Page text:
Charging the device takes up to 2.5 hours with the stock charger, and there doesn't seem to be support for PE fast chargers in the device. Power saver mode is tweaked a bit more by Oukitel, but I am not sure whether that has added any extra hours to the standby since the usual Android power saver is completely replaced by the custom one.

However, it is hard to end up with a low battery on the U16 Max unless you have an overnight trip or something and there is no power backup. In most situations, this smartphone will get you home.


If you are in the market for a large screen device, only then you might want to consider the Oukitel U16 Max. There is nothing in it that you won't find in a regular sized smartphone apart from the big screen. From a general point of view, it does some things well and some really poor, and users looking for a large device might have to decide based on their budget and expectations whether to go for this device.

The performance, battery and call connectivity offered by the U16 Max is good, but other aspects are very bad even at this price point. If you want a 6-inch smartphone, but don't want to spend more than $200 then I am afraid there isn't a lot of choice available. Beyond that price point, the Mi Max 2 is a fantastic device which checks all of the boxes, but is not available in most markets yet.

Other smartphones featuring large screens are the BLU Studio XL 2, BLU Neo XL and Alcatel Pixi 4. They have their own compromises such as older versions of Android and smaller battery sizes, so buyers will have to decide what they find important in that price bracket. Since the large screen size segment isn't that popular, the options are quite limited and if the U16 Max seems like a good fit for your needs, you can go buy it from the link below.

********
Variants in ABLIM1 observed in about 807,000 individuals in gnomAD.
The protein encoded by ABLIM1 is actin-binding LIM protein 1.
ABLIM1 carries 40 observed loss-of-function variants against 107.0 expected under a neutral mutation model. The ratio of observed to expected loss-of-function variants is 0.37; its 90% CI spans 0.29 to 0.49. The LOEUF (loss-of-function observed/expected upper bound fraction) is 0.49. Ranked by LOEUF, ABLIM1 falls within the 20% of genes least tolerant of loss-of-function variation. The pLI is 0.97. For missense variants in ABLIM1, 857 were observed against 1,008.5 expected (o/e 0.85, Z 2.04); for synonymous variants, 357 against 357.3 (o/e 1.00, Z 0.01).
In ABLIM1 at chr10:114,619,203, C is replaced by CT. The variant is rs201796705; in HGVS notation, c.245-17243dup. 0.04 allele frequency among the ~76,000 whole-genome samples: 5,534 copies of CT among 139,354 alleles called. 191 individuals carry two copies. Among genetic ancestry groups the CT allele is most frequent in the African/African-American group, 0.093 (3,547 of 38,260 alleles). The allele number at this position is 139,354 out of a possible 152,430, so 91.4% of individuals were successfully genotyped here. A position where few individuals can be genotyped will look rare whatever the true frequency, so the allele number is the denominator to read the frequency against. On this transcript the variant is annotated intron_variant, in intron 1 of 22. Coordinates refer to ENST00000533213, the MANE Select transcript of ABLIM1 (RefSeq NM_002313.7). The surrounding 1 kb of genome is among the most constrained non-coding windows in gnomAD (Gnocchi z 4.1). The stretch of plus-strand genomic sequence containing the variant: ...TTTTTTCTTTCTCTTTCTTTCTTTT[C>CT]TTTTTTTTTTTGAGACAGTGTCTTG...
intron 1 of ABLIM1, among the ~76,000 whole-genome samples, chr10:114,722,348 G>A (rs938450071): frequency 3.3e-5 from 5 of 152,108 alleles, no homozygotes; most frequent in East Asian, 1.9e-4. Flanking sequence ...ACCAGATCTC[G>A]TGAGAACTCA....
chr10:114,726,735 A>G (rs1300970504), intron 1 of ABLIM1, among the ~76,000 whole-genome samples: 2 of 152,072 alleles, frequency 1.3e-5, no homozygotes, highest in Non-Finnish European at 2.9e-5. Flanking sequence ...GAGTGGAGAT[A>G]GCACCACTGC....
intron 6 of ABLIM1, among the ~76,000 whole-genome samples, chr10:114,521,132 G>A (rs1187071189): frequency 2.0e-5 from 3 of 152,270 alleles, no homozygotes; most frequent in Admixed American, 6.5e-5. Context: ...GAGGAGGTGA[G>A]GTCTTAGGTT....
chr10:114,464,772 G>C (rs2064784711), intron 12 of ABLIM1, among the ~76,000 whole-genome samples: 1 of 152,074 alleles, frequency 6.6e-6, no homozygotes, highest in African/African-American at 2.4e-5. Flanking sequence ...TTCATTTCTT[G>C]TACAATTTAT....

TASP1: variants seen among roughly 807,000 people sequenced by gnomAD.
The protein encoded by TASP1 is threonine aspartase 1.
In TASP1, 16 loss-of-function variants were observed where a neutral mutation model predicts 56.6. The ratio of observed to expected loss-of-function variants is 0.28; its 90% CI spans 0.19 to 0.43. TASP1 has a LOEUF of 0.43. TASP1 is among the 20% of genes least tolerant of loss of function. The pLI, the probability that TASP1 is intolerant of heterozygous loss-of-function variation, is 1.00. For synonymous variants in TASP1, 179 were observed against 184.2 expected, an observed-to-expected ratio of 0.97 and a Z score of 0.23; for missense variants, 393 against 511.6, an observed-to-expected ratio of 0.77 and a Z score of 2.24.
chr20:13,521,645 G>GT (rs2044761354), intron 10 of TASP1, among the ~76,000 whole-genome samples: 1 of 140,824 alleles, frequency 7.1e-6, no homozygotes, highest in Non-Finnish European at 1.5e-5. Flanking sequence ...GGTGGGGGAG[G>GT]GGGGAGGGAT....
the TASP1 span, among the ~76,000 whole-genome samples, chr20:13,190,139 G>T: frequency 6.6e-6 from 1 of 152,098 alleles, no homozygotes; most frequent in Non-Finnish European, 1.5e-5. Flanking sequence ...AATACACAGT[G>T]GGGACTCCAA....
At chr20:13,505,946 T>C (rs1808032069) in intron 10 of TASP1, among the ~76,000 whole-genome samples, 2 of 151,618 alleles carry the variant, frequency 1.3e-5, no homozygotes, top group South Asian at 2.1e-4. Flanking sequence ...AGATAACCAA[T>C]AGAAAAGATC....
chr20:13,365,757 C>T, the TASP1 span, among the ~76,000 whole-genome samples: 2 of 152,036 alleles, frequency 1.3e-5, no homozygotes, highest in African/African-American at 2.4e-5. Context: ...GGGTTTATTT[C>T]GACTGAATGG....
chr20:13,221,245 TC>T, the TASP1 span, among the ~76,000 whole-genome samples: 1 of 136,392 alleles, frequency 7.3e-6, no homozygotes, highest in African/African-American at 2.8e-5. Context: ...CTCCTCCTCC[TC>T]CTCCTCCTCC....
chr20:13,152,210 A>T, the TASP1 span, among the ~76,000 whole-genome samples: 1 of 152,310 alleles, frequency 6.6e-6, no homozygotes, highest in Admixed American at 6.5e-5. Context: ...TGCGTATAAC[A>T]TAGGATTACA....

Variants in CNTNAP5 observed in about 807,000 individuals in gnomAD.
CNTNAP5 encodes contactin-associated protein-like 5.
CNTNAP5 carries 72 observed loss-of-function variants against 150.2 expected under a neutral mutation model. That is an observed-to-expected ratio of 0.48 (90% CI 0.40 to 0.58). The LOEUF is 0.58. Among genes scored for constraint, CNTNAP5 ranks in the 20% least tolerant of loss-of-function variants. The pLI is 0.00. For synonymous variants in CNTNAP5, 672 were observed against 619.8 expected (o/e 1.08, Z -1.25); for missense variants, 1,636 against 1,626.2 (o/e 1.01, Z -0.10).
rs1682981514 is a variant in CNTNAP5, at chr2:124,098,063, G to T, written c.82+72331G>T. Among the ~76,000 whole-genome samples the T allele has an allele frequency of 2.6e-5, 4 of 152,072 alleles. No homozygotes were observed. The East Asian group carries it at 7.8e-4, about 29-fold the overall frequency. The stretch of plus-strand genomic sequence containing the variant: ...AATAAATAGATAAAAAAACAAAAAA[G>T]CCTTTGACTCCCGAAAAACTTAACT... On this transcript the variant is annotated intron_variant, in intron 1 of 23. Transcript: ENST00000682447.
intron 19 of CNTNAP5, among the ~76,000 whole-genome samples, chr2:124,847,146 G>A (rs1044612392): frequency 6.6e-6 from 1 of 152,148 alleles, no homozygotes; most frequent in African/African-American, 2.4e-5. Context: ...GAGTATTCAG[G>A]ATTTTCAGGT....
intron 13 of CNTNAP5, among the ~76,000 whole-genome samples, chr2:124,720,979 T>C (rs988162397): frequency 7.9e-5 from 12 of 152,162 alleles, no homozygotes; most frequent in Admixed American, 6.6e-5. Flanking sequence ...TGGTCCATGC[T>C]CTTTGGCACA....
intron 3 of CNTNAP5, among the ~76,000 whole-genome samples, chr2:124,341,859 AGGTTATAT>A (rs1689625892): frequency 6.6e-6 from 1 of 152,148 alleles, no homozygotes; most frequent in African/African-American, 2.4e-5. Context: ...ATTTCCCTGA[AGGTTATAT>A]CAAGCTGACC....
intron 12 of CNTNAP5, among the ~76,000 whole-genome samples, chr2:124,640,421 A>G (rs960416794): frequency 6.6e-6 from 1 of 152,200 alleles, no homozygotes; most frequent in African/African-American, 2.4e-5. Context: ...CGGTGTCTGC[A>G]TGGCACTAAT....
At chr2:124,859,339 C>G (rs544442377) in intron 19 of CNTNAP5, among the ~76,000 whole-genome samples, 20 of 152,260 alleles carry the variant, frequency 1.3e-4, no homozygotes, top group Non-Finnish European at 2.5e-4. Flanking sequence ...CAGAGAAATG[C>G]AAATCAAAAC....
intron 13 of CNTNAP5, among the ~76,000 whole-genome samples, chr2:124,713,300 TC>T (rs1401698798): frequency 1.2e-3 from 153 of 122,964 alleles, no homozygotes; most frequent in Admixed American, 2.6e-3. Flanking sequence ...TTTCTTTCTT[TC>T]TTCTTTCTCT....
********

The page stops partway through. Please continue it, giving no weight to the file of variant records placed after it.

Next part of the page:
The review unit was supplied by Oukitel. If you would like to purchase the device, you can head here to purchase the smartphone which currently is priced at around $125 USD on AliExpress. You can check out more information about other Oukitel products on their website.


Report a problem with article
Next Article

Lenovo Legion Y720 review: A gaming laptop with a lot of power for a solid price

Previous Article

Hurricane Harvey relief being expedited by drone use


Episode 22: LG gives up on phones, and what's next for Windows 10

4 Comments - Add comment